Nina reflects on the opening event of Verve 2018.
Launching with the Poetry Parlour, Verve got off to a stunning start. Introduced by Cynthia Miller the Parlour had a warm and inviting atmosphere, she invited us to ‘chill, lie back and listen’. A packed room enjoyed the first step into the weekend.
It started with an open mic section which saw established and up and coming poets as well as undiscovered local talent. This is exactly what Verve set out to do and it is always great to see newcomers at the festival.
Jane Commane and Imtiaz Dharker took to the stage, watching two Bloodaxe Poets in conversation was a real treat. Jane shared her love of Imtiaz’s poetry – after reading a poem in the paper over a decade ago, her mum bought her ‘A Terrorist at My Table’ and she has been a fan ever since. Following an insightful introduction, Jane encouraged us to make space on our Top 10 Poets lists and to make space on our bookshelves too.
Imtiaz Dharker’s reading was magical. I thoroughly enjoyed listening to the selection of poems. Her use of rhythm and language, her touches of gentle humour, the tales of where the poems had come from and how the writing evolved. Imtiaz shared parts of her childhood, growing up in Scotland, how using form (Sonnet) enabled her to finish a poem which had proved tricky. Those poems that are hard to write are something poets know all about. I watched a few people scribbling her ‘gold dust’ down. It was a generous sharing of knowledge and experience.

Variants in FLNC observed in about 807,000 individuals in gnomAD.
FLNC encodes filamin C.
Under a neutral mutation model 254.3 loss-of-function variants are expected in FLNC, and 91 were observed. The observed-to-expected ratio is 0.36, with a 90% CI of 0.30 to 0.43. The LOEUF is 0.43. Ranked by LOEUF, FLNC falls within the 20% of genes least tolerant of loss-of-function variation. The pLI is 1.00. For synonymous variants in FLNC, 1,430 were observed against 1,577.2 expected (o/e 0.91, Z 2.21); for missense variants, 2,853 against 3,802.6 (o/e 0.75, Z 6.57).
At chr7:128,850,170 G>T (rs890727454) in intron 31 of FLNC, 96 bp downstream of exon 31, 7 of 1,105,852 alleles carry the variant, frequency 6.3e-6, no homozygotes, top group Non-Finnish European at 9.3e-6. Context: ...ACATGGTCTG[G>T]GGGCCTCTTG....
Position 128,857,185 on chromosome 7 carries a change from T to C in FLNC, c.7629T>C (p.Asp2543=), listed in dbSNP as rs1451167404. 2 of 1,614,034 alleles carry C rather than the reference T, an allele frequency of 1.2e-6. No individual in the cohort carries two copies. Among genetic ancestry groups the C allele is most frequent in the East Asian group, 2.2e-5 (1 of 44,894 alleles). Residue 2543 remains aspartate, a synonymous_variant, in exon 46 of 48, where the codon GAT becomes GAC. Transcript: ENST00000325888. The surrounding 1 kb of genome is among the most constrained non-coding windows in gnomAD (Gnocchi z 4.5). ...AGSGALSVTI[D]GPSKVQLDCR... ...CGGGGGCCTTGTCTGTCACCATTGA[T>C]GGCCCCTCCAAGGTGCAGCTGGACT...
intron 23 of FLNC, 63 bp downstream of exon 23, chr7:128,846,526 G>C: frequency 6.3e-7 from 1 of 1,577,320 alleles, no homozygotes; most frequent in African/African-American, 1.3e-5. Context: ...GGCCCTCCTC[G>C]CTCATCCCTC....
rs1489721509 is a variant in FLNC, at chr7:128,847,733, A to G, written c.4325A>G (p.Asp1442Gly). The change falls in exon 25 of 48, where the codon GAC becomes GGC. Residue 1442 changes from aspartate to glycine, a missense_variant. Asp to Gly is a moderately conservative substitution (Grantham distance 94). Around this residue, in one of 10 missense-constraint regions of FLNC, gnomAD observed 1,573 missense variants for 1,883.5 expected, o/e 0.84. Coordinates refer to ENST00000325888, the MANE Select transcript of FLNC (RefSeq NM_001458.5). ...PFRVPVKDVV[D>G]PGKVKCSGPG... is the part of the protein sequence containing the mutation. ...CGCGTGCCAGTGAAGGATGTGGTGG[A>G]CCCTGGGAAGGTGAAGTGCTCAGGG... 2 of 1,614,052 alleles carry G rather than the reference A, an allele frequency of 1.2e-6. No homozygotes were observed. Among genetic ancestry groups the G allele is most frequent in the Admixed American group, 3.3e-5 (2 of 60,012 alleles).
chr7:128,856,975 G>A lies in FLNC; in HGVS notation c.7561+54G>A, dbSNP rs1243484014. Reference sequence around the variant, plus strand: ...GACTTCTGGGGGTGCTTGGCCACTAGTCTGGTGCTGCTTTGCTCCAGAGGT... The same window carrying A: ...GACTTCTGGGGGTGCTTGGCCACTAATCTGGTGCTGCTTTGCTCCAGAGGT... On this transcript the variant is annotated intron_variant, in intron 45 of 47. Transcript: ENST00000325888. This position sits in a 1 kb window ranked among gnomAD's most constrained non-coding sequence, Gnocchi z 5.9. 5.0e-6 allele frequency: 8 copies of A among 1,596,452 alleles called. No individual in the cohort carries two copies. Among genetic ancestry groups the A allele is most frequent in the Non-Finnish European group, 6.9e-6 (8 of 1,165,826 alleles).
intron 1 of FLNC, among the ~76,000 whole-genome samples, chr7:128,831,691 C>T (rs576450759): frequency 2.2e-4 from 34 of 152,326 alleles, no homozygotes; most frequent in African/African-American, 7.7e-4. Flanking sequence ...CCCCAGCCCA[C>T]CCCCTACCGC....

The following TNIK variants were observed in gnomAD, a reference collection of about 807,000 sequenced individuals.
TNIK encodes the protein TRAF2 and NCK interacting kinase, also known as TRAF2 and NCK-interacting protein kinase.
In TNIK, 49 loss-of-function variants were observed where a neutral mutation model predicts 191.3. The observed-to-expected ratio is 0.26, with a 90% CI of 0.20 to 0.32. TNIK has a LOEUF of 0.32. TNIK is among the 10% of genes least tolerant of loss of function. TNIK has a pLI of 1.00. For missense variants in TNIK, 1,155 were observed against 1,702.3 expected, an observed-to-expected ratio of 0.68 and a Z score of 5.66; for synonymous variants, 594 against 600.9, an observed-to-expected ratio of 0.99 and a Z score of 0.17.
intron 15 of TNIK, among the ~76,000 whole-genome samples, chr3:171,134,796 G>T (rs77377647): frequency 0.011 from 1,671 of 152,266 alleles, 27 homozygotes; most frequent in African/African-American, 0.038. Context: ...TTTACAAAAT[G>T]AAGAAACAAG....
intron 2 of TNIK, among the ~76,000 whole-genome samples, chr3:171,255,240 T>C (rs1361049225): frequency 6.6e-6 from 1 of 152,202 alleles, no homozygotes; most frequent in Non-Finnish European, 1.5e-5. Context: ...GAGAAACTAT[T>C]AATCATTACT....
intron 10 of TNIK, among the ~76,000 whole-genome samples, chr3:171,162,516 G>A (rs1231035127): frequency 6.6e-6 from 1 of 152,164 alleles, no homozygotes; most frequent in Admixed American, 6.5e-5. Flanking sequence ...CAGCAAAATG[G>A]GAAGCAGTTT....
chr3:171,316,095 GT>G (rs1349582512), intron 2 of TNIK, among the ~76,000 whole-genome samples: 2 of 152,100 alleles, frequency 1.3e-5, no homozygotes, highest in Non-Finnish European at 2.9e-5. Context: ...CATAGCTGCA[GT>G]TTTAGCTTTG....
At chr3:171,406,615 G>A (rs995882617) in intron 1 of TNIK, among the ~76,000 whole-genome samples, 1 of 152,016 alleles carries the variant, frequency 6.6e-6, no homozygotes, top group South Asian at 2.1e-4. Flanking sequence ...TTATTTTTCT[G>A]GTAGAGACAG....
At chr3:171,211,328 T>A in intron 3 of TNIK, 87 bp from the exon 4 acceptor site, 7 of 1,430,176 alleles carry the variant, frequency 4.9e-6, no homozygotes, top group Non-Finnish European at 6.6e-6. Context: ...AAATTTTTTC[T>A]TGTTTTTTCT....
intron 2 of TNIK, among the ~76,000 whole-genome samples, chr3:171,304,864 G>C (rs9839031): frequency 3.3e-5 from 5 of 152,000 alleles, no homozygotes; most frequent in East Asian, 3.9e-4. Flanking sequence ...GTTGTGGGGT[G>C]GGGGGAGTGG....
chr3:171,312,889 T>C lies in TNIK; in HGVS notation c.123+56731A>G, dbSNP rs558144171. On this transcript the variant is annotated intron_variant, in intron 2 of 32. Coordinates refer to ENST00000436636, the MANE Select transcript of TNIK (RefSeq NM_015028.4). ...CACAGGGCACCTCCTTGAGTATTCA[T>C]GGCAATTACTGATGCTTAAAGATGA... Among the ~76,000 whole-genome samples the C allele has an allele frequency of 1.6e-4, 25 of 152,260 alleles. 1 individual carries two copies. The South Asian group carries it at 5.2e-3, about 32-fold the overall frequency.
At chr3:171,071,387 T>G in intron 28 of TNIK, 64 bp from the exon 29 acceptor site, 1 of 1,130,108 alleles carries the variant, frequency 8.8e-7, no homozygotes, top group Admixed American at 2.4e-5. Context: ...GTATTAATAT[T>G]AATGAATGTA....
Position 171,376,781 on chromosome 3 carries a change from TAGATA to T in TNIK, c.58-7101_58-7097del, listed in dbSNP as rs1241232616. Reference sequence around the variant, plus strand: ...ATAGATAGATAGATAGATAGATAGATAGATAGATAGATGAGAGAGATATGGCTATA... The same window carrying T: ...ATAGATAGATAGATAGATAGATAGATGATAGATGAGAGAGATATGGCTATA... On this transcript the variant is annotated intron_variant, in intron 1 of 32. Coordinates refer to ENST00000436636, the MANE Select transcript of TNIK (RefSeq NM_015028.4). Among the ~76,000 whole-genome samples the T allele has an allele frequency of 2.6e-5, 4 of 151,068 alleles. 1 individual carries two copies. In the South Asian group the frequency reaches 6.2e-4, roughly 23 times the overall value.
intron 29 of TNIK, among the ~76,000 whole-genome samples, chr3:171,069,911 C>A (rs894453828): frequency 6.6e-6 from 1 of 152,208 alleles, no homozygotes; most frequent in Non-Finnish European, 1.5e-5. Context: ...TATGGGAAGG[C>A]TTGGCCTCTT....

Following the reading there was a Q&A with Jane. These are always exceptional, Jane (and I don’t know how she does it… a mix of experience, wisdom and some magic of her own) composes the most brilliant questions and skillfully leads the conversation. There was talk of the thread running through Imtiaz’s work and what impact that had on compiling the collection. Imtiaz talked about the echo and how you naturally find connections between poems.
“The themes/threads come to your fingers, your mind and tongue.” – Imtiaz Dharker.
The Poetry Parlour closed with a final poem. Referred to by Jane Commane as a ‘poetry nightcap’. Imtiaz certainly writes end-lines to take your breath away. It is no surprise that she is the winner of the Queen’s Gold Medal and that Carol Ann Duffy suggests she would be the World Laureate, if such a title existed.
The end of it was like coming out of a meditation which you did not want to leave. I think we all agreed we could have listened to her poetry all night. Cynthia Miller got it spot on with ‘absolutely enchanting.’
Afterwards finding Imtiaz’s collections was easy, Verve are streets ahead with bookseller organisation, of course they are, they are based in Waterstones! The Festival books are all shelved together, right beside the till point and after you have your treasure in hand the book signing table is right next to the counter. Reading poetry after you have heard it from the poet is incredibly satisfying and Imtiaz’s voice will linger in my head for some time.
The Poetry Parlour was a pleasant, soft entry into what is sure to be another storming festival for the Verve Team.